In Colorado, you are not legally required to provide aid to anyone injured in an accident, and in fact, you can be sued if you provide aid that you are not qualified to administer. Colorado Good Samaritan Laws only protect licensed medical professionals who volunteer aid. The best thing you can do is to make sure that you are okay, and call 911.
Share your contact information with any other drivers involved in the accident, and write down their information, as well. You will want to collect their name, address, phone number, license plate number, and driver’s license information. Most importantly, exchange insurance information, including the name of their insurance company and policy number (snap pictures of insurance cards). When you provide this information to your attorneys, it will make it easier for them to contact those parties involved in the accident and submit insurance claims.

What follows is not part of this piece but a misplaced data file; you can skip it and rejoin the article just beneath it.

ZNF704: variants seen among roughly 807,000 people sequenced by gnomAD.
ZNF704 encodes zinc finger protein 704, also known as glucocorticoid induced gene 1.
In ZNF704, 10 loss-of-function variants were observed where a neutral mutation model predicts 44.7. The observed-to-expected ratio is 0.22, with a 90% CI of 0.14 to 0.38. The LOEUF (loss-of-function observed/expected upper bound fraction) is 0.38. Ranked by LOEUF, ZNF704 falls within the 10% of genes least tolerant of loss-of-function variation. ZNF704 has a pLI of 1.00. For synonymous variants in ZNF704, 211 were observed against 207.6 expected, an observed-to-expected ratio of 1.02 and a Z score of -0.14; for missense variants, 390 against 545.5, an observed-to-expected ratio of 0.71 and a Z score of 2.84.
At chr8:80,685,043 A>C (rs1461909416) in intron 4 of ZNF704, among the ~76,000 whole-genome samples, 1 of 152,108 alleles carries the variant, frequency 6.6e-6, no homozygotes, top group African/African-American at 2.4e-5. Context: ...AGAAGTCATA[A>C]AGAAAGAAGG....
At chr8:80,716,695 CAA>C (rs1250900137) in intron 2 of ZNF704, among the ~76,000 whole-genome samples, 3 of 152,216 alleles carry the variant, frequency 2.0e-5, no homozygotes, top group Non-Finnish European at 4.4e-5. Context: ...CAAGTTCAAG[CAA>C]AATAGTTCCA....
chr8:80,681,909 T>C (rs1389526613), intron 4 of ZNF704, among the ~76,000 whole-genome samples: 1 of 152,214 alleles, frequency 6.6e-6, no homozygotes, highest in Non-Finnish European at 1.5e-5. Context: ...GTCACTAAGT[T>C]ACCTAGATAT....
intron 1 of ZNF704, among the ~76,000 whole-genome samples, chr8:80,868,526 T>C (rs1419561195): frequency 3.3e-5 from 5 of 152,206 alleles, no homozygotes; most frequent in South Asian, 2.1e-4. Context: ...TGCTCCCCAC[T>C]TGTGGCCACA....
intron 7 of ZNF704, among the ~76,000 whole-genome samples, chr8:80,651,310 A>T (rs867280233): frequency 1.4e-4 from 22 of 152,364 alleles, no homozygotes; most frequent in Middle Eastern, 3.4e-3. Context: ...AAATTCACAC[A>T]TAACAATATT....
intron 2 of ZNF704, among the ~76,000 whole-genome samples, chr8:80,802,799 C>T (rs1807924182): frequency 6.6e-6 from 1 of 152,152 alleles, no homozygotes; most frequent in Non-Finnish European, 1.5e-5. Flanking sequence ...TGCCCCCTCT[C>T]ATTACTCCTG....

While sharing information is acceptable, never apologize or claim to be at fault for the accident. Remember that everything you say at the scene of the accident may be noted and reported by the “other side,” and has the potential to be used against you when you file your claim. Do not apologize for the accident. Do not admit fault for the accident. Do not attempt to explain what happened to anyone but the police.
If there are witnesses to the accident, speak with them at the scene and discuss what they saw. Ask if you can record their contact information. This will prove very beneficial to your claim in the future when your attorney is collecting evidence to support your case and recover damages.
Luckily, most of us have smartphones that we can use to immediately document the accident with photographic evidence. Take pictures of:
Remember that if you don’t take photographs, you will have no visual evidence to support your claim of damages, so it is vital that you take as many pictures as you can.